Thursday, May 12, 2016

Dvořák never tried to be progressive?

This is the article that prompted me to start this blog.

When I found this article about a Dvořák festival, I skimmed past the subhead, so I missed that the author led his story by explaining that Dvořák is "sometimes dismissed as having little to offer intellectually." That statement in itself isn't so bad; surely, some do claim that (including, apparently, the author).

The story never debunks this claim. Instead, Antony Bateman reaffirms it:
As the festival will hopefully remind us, Dvořák’s music never tried to be progressive. It might not engage deeply with the intellect, but it does with the heart and the imagination in the most direct way possible (does music really have to engage the intellect anyway?).
There are quite a few problems with this paragraph. First of all, what does it mean to be "progressive"? This is a loaded term in music history. The idea of music being "progressive" is tied to the nineteenth century and usually implies that the composer is following the ideas of Wagner and Liszt. This is in contrast to more "conservative" composers like Brahms. But "progressive" does not automatically mean "innovative," as Brahms (and indeed Dvořák) developed a lot of original ideas in their compositions. Nor should "progressive" imply "intellectually engaging," as Bateman does here. Plenty of people find Dvořák stimulating.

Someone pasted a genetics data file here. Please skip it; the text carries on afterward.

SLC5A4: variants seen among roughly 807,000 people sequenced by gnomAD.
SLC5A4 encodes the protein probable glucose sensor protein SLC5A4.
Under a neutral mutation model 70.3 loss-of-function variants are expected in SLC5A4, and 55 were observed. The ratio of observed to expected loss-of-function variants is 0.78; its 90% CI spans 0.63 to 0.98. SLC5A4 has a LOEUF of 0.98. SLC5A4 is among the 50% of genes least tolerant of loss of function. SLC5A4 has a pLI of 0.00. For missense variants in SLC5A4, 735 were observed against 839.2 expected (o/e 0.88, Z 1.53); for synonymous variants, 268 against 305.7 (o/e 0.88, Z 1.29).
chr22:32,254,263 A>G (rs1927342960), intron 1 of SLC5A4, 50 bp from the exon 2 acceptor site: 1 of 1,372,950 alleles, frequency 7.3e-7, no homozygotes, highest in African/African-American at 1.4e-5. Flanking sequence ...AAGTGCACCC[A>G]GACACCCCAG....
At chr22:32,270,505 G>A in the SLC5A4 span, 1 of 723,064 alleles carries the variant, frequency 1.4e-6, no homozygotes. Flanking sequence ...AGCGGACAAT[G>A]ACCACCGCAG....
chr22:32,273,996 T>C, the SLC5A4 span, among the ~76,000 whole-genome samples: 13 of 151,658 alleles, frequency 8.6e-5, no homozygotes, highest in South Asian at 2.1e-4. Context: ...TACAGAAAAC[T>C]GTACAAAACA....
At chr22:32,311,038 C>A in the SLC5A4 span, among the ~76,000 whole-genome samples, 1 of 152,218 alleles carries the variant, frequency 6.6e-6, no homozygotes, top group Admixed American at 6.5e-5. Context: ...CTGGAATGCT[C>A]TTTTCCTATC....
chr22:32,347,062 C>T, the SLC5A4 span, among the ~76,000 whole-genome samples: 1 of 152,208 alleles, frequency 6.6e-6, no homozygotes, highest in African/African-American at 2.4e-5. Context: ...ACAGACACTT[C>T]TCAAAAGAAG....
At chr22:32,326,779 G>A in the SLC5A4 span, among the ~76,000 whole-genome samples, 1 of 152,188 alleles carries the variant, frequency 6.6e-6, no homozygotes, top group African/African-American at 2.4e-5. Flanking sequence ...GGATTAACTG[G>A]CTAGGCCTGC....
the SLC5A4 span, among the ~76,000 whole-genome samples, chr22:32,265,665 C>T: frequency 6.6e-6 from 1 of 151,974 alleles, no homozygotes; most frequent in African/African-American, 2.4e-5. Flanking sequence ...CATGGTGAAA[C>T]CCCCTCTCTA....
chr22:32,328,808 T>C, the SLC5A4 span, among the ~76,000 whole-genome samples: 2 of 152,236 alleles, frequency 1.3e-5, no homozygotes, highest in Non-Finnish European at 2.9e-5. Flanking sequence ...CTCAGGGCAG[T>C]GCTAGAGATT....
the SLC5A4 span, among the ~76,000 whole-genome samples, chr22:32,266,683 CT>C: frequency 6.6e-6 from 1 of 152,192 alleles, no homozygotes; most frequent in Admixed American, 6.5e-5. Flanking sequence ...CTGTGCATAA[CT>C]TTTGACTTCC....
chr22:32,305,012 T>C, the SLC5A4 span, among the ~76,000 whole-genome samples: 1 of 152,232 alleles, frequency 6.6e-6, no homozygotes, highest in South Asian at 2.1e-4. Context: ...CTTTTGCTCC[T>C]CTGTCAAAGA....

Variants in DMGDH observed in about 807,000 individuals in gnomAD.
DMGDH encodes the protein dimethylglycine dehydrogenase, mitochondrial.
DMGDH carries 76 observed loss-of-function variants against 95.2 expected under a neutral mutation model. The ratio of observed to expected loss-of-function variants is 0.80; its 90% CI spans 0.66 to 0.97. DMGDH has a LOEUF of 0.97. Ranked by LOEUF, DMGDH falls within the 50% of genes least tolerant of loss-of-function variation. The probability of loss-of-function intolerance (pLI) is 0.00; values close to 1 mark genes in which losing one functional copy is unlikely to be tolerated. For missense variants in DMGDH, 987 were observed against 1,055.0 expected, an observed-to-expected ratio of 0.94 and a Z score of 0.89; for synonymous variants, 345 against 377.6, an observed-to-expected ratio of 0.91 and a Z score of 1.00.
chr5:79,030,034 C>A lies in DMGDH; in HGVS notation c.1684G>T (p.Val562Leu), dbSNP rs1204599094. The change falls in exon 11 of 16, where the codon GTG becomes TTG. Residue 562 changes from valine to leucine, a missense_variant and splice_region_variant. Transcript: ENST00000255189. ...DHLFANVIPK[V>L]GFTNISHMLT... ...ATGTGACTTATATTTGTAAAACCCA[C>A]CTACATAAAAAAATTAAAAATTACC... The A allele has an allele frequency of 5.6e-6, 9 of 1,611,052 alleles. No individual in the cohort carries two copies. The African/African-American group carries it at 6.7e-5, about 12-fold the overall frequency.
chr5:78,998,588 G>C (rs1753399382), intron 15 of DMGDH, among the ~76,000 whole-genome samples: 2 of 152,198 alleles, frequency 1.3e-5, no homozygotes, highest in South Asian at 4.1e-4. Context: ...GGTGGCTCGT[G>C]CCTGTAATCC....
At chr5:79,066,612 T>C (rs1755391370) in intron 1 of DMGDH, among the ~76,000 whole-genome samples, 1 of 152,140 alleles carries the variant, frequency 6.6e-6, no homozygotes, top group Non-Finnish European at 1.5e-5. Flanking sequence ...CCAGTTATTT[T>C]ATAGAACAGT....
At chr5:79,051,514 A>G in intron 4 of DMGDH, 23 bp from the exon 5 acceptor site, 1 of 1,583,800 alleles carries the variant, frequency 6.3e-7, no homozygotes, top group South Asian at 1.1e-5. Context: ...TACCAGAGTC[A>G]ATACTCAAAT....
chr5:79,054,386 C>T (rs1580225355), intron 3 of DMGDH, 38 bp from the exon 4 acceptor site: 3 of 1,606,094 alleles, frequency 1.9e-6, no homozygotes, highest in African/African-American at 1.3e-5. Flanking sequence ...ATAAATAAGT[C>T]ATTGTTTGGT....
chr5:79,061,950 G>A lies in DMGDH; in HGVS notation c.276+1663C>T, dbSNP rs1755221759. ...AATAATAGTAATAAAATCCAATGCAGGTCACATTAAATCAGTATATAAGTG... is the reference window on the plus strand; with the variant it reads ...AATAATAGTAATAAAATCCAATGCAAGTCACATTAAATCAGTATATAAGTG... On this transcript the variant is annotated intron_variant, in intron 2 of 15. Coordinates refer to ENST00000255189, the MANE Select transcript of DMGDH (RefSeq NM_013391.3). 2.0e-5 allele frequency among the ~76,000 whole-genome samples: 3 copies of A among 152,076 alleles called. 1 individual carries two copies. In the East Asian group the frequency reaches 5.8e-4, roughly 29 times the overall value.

When I complained about this article on Facebook, my friend Michael Cooper (a musicologist at Southwestern University) pointed out that Germans have historically been the ones who decide what "progressive" means and which composers it can apply to, withholding the term from various groups into to make them as outsiders. Dvořák is Bohemian, so by nineteenth-century standards, his music isn't German enough to be progressive. In the twenty-first century, we should be more wary of these labels.